© 2017 Shimon Schocken and Noam Nisan

Chapter 11 includes a proposed Compiler API, which can serve as your implementation's blueprint. The proposed implementation is based on morphing the syntax analyzer built in the previous project into a the full-scale compiler. In particular, we propose to gradually replace the software modules that generate XML output with software modules that generate VM code. This can be done in two main development stages, as follows.

Stage I: Symbol Table 

We suggest to start by building the compiler's symbol table module and using it to extend the syntax analyzer built in project 10. Presently, whenever an identifier is encountered in the source code, say foo, the syntax analyzer outputs the XML line "<identifier> foo </identifier>". Instead, have your analyzer output the following information as part of its XML output (using some output format of your choice):

  • The identifier's name, as done by the current version of the syntax analyzer.
     

  • The identifier's category: var, argument, static, field, class, or subroutine.
     

  • If the identifier's category is var, argument, static, or field, the running index assigned to the identifier by the symbol table.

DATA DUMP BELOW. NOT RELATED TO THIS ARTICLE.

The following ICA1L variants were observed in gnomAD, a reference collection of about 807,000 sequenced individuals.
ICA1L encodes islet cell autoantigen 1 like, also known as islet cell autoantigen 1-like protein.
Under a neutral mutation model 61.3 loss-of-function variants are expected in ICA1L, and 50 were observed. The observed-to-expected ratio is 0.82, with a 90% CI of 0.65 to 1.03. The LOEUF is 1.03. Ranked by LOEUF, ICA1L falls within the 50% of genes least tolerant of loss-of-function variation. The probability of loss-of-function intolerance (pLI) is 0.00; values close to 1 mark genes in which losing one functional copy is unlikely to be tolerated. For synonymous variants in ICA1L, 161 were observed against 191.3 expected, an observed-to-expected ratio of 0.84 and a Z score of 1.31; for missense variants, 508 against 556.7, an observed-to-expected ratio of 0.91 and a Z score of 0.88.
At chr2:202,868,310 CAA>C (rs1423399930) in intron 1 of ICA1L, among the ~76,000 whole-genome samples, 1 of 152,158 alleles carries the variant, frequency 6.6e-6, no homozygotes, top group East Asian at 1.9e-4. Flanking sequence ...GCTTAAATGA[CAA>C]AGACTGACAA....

• Whether the identifier is presently being defined (e.g. the identifier stands for a variable declared in a "var" statement) or used.
     

You may test your symbol table module and the above capability by running your extended syntax analyzer on the test Jack programs supplied in project 10. Once the output of your extended syntax analyzer will include the above information, it means that you have developed a complete executable capability to understand the grammatical structure of Jack programs. At this stage you can make the switch to a full-scale compiler, and start generating VM code instead of XML output. This can be done by gradually morphing the code of the extended syntax analyzer into a full-scale compiler.